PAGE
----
There’s something about the recent roadtrip that I embarked on with Heather (theresnoplacelikeoz.com) and Nicole (chasingwonderlust.wordpress.com) that gives me a new desire to travel. South Australia was a point in our travels where we had to decide whether to push on to Western Australia across the Nullarbor or return back to Sydney. Needless to say, we pushed on and it was the best decision of the journey. For me, South Australia was the turning point of something bigger than just the Oz Roadtrip plus there were plenty of fantastic things to see and do after the disappointment of the (not so) Great Ocean Road.
Normanville and Carrickalinga
About 80km south of Adelaide along the coast are the towns of Normanville and Carrickalinga. They’re tiny little things with hardly any reputation and as a result they’re quiet. We went as a bit of detour to try and find some food and ended up falling in love with the absolutely stunning beaches. The water is calm, the sand is bright yellow and the water is unbelievable – double turquoise all the way! I reckon this would be a top spot to hang around with a family for a while – I kind of wish we’d stayed for a bit longer, but the camping nazis are out in force which led us to push on.
Port Parham is one of the most bizarre places I have been. It’s about 60km north of Adelaide along the coast, but it feels like you are in the middle of the desert albeit with the ocean on one side. It has a pretty good free campsite with a toilet and this encourages loads of campers to hang out for a while. The town is a small dusty old thing and the beach is not of the variety that you’d choose to go swimming at. In fact, it is the beach that makes this place so weird. Firstly, there is an ocean of dried seaweed between normal land and sand and this seaweed is metres thick and stretches as far as the eye can see – you have to walk over it to get to the beach. Once on the beach you notice the flattest piece of land imagineable. After walking about 300m to the water, you notice the flatness continues right into the ocean meaning that you can walk for kilometres into the water before getting into trouble. As a result, when the tide advances or retreats, you can see a river of water flowing in a particular direction – a sight to behold! Oh, and the sunset here is brilliant. One last thing – we got done by an infestation of mice in the van. Probably half a dozen of them.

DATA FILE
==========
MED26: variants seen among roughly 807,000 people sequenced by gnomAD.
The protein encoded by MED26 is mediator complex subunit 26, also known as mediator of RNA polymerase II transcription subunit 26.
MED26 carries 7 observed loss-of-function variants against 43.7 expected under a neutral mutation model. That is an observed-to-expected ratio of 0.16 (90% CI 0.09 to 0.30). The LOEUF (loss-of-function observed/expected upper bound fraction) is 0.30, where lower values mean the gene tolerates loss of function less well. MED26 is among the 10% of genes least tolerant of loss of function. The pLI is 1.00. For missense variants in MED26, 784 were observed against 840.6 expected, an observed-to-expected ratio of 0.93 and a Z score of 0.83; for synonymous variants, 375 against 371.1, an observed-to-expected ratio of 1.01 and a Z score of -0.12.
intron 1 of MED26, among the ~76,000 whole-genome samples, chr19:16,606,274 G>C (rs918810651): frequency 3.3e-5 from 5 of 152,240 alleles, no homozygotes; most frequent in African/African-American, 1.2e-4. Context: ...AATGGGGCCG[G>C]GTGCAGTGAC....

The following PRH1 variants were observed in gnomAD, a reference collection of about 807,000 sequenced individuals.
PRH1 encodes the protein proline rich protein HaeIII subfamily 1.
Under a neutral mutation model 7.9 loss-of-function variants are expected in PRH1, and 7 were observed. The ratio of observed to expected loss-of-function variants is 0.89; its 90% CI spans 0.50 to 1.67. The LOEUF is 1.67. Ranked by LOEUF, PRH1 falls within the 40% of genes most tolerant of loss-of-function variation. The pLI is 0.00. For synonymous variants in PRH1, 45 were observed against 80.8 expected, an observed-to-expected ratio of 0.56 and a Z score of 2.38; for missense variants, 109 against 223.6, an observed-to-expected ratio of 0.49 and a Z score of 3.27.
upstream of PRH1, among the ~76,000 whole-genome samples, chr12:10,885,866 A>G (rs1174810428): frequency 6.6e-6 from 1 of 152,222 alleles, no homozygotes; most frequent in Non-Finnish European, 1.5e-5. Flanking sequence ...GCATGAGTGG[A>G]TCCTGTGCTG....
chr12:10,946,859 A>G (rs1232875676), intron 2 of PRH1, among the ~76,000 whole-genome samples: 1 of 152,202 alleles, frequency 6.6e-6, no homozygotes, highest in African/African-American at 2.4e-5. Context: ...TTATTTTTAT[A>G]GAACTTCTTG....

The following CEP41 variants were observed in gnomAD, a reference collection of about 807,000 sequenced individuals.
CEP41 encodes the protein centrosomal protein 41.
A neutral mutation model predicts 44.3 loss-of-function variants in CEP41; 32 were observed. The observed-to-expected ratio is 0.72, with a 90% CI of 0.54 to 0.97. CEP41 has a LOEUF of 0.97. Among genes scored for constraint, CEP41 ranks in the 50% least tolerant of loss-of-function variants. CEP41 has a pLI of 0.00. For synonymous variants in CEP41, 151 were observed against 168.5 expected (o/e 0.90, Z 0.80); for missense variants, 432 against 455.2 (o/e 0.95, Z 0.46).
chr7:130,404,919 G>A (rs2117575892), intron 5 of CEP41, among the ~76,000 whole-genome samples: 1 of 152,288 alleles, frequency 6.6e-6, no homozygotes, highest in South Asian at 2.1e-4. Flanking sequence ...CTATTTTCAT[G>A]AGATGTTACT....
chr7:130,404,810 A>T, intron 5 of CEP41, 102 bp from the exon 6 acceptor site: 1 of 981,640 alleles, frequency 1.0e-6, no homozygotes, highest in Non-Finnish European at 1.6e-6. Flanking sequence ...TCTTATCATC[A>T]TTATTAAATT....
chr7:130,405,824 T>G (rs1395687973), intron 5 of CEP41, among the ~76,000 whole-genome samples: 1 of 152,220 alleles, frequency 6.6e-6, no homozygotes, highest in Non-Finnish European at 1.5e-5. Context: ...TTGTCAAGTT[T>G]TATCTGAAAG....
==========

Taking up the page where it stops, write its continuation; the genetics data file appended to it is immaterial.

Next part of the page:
I already mentioned one part of the Fleurieu Peninsula previously – Normanville and Carrickalinga are located on the peninsula and are just west of the famed McLaren Vale wine region. McLaren Vale is one of my favourite wine regions as it’s relatively compact, the wineries aren’t too massive and it has a focus on good food as well as wine. South of here is the Langhorne Creek wine region which is tiny and is home to a number of great wineries. One I will never return to is Bremerton Wines – on day one we had a wonderful meal there, but when we returned the next day for a coffee (we’d already sampled their wines), the lady took an attitude towards us that is best left in the 20th century. One of complete and utter disdain. How dare we enter their winery and ask for a coffee. This kind of rubbish is common in wineries in Australia and the sooner they stop being precious the better.
Rant aside, there is also the lovely town of Victor Harbor to visit on the Fleurieu. We camped here for free and took a walk along the causeway to Granite Island. They also have a horse-drawn cart taking tourists across, but it’s a gaudy tourist trap that would best retired.
Fave town on the Fleurieu Peninsula? Wilunga. It’s officially part of the McLaren Vale wine region, but it really doesn’t push the wine angle very hard. We were there when the local farmers’ market was on and the selection of cakes, pastries, fresh produce and other great food was amazing. The town itself retains a type of charm that is often lost when the tourist masses descend – but this place has held its own and done it brilliantly.
One last word on the Fleurieu Peninsula. We downloaded the official Tourism SA iPhone app and it proved to be an excellent guide around the place. There were quite a few bugs with the app and it was slow, but the information contained within it was fantastic and enhanced out experience.
So these were the highlights of South Australia for me. In many ways these are unorthodox, but I think tourism in South Australia should avoid the man tourist centres because they are over-rated – much like anywhere else really. Get off the beaten track, make your own path and you can really discover some fantastic places in South Australia. Very impressive.